However, repetition and completion rates were positively affected by a presidential decree in 2001 that limited repetition at the end of the second, fourth, and sixth year of primary schooling (ICR, p.13). Even so, the ICR indicates that this law combined with the efforts of the project (i.e. building schools closer to student’s homes, latrines, training teachers) strongly contributed to the change.
- 54.4% of students completed primary education in 2011 (as a percentage of the relevant age group), which met the target of 51% and increased from 2001 baseline (40.9%). The ICR did not indicate whether this target was revised during restructuring, but during the region's reply to the draft ICR review, it stated that this target was not revised and indicated that the completion rate was measured by attendance and not by a test.
- The repetition rate decreased from 13.3% in 2005 to 7.25% in 2011, which exceeded the target of 10%. The ICR did not indicate whether this target was revised during restructuring. In the region's reply to the draft ICR review, it stated that this target was not revised.
To strengthen the education sector's financial sustainability: Modest
According to the PAD, financial sustainability was to be measured by an increase in the recurrent budget allocation to basic education excluding salaries.
Recurrent budget allocated to basic education excluding salaries increased from 18% in 2005 to 30% in 2011, which achieved the target of 30%.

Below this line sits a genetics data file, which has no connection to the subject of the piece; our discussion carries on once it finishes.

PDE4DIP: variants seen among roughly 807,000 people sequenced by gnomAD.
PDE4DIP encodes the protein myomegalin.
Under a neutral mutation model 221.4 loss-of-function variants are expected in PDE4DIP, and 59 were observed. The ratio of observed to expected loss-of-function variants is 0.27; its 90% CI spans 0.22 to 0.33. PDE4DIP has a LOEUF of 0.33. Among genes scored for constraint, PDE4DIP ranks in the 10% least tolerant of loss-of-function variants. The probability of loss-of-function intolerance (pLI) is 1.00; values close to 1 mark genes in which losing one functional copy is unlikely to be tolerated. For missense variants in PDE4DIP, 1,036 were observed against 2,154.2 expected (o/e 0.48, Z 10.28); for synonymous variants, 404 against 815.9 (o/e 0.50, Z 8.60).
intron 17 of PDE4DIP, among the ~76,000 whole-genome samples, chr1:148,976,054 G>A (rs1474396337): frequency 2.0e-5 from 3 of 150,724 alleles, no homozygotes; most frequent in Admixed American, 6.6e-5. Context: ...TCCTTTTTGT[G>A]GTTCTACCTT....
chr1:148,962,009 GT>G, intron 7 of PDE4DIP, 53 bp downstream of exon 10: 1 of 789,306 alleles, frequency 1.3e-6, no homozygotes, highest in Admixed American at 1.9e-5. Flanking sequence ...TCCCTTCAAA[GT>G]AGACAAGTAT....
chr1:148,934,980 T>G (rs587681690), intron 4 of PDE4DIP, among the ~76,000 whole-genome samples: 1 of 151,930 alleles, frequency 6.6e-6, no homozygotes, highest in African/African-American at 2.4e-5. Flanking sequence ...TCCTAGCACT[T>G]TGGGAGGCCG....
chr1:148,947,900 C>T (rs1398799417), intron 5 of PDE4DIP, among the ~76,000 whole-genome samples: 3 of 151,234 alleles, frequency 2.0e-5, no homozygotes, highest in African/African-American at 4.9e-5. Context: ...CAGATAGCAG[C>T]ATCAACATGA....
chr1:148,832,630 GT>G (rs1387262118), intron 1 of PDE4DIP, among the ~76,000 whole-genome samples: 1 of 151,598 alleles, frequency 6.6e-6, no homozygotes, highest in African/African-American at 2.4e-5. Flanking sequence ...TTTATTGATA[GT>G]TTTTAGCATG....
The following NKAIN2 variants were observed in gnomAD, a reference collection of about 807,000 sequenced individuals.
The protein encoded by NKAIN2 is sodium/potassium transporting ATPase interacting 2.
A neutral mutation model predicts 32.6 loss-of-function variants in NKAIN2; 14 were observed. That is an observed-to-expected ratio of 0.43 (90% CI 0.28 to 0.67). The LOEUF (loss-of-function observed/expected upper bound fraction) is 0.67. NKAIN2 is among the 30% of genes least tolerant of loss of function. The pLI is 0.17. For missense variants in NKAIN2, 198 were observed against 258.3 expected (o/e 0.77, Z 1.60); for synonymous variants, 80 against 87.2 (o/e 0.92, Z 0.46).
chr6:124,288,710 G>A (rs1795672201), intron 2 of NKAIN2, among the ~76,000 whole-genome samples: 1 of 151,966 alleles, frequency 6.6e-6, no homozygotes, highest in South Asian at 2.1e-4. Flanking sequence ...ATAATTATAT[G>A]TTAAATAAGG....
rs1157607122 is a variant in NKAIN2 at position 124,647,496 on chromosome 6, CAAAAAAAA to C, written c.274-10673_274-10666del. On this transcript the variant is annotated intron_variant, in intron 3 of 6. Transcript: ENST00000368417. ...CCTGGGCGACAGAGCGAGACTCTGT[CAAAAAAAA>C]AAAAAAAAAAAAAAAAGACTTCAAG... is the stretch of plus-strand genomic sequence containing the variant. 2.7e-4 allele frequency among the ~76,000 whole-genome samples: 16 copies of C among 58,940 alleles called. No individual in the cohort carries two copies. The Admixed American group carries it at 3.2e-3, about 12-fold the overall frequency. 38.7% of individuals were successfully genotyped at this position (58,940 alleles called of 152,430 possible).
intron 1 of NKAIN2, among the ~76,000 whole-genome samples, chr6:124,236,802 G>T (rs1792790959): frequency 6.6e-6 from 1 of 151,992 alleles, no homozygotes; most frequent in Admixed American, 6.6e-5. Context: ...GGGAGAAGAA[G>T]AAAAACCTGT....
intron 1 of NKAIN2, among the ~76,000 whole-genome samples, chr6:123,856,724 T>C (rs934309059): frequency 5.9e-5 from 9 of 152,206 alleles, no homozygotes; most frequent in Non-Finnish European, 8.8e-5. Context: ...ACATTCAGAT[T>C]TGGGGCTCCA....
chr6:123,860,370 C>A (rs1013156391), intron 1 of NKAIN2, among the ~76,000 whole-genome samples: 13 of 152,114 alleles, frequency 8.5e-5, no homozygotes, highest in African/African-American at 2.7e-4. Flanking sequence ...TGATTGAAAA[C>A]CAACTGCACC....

The policy reforms (i.e. recruitment of teachers by regional level rather than into government service, and the use of multi-grades teaching) contributed to allowing the percentage of national recurrent budget to rise to the target of 30% (ICR, page16). While resources to the sector have increased, there is doubt that the government could continue such funding levels sustainably if donors pulled their support (ICR, p. 35).
To enhance the financial management, budgeting, procurement, monitoring, evaluation and donor coordination of Ministry of Basic Education (MEBA): Modest
There is no discussion in the ICR of any outputs or results of other measures to improve management that included upgrading material resources/space for the Ministry, training, system development, and unit-based capacity building.
- The Medium-Term Expenditure Framework was produced. The ICR did not state the time frame of the Expenditure Framework.
- An Annual Work Program is prepared regularly - but the ICR did not state the years for which the Program was prepared.
- A Financial Report is published annually.
The ICR (page 12) reports that despite efforts, financial and procurement management remained weak because of high staff turnover.
Project efficiency was modest. Disbursement and implementation was slow, which resulted in the cancellation of US$16 million, even though the project was extended by 4.5 years to utilize these funds. The ICR reports that some project resources were wasted, which could have been avoided with better planning, and so the value for money was not optimized (ICR, p. 16).
a. If available, enter the Economic Rate of Return (ERR)/Financial Rate of Return at appraisal and the re-estimated value at evaluation:
* Refers to percent of total project cost for which ERR/FRR was calculated